MHR Primer - Rushing the QB Using the Swim Move

*** Note: I received special permission from Brian to use the MHR Primer title in this post. I hope it is worthy of his efforts and you enjoy it. ***

It's 3rd and Long. The Offense is in a passing situation and the Defense knows it. Will they blitz the quarterback? Maybe, but one thing is certain, the Linemen are coming full force. Their job is to get to the passer and disrupt his timing or delivery in order to force a mistake such as a batted ball, incomplete pass or an interception. If they can sack the quarterback, great, but taking the passer out of his comfort zone can be counted as successful as well. Getting a hit on the QB early in a game can cause him to "hear footsteps" and take him out of his rhythm.

There are a handful of 
proven techniques available in a defenders arsenal that will produce an effective pass rush. I'm sure you've heard the commentary in a televised football game when the announcer extols a Defensive End for having a good "Bull Rush" or "Forearm Shiver." We will get to those at another time. In this article, I'd like to focus on the "Swim Move" pass rushing technique.

The Swim Move is a technique that gets its name from the fact that when properly executed the player has the appearance of doing the Australian Crawl or Freestyle swim stroke. A favorite rushing technique among Defensive Linemen, the Swim Move can be the most dangerous. Pass Rushers are normally taught to keep their shoulder pads low, so they can have leverage on the Offensive Lineman, but with this technique he has to rise up above the blocker, leaving the defender somewhat vulnerable. However, if done properly this maneuver can be one of the easiest ways to successfully rush the passer. Timing is the key to a successful Swim Move, as the Defensive Linemen must beat the blocker off the snap of the ball to achieve his goal.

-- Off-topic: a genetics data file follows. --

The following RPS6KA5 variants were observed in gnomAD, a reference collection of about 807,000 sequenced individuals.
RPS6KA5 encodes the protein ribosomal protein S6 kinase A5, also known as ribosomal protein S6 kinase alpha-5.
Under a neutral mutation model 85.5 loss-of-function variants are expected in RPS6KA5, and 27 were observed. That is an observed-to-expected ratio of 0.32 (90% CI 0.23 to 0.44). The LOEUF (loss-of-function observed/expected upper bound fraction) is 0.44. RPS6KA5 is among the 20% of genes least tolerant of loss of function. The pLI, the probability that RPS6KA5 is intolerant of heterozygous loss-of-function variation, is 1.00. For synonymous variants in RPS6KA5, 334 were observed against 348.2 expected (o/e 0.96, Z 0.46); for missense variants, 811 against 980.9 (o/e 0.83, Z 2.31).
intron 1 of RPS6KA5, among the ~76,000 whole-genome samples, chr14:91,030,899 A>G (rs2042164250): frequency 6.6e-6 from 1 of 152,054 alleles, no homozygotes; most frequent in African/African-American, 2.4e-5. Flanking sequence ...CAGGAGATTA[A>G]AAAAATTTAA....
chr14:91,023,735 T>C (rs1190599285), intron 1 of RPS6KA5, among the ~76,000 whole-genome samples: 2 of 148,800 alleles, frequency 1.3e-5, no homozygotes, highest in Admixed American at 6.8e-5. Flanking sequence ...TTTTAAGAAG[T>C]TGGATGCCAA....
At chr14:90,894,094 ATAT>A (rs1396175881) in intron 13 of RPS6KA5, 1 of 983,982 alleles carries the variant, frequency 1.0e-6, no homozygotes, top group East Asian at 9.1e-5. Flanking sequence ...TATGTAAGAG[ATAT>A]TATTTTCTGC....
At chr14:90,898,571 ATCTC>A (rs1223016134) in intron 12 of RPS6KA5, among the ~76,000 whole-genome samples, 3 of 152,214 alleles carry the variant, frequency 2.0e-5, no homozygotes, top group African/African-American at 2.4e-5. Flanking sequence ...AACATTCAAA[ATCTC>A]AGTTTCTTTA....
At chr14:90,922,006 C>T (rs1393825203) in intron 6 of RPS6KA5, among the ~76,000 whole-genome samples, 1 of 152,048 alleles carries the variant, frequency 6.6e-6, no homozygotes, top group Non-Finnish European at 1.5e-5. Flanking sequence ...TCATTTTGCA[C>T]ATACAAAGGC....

We'll start with the Footwork:

After getting off the ball, the next action is a jab step designed to get the blocker off balance. This is a deception or feint. The Rusher steps in one direction while intending to move another. This is followed by a short balanced step using the jab foot, bringing it in front of the blocker in the opposite direction. Typically the blocker will follow the first step and find himself off balance.
 
Now for the Hand technique:

Simultaneous to the footwork at the snap of the ball, the pass rusher brings his inside arm up and reaching out to the back of the blocker's outside shoulder pad. He uses that to pull the O-lineman forward, exploiting his lack of balance. Then the Pass Rusher sweeps his outside arm in a wide arc over the blocker's head and across his face while stepping 
with the opposite foot by him as if swimming by an obstacle. Once the Rusher's hips are parallel with the front of the blocker, he uses the momentum to swoop by him and close with the passer.

Once the defender swims through the line, he wants to be running at the quarterback with his hands up, fully extending and waving his arms. This puts him in position to disrupt the play by temporarily blocking the quarterback's vision, tip the ball, knock the ball down, or make the pick. At the same time, he is poised to make the quarterback rush his throw or sack him. If he can sack the QB with his arms raised the defender can bring his hands down with more force to attack the ball and possibly force the fumble.


In this video, a Wide Receiver matches up with a Defensive Back. The Receiver is using the Swim method to beat Bump and Run coverage. The move is very similar for a Defensive Lineman.





Denver Broncos Defensive Lineman Justin Bannan used this technique last year. I even saw him "Swim" between two Offensive Linemen double-teaming him. He jumped up and swam past both players and put immediate pressure on the opposing quarterback that play.

In this next video, Jay Ratliff of the Dallas Cowboys shows the "Wristgrab" combined with swim technique as he practices with a wrestling coach.

 


 

The next time you have your eye on the trenches, watch for the Defensive Linemen using this technique. And when the Color guy talks about the Swim Move, you will know exactly what he is talking about. Maybe you can even impress your friends.


Go Broncos!

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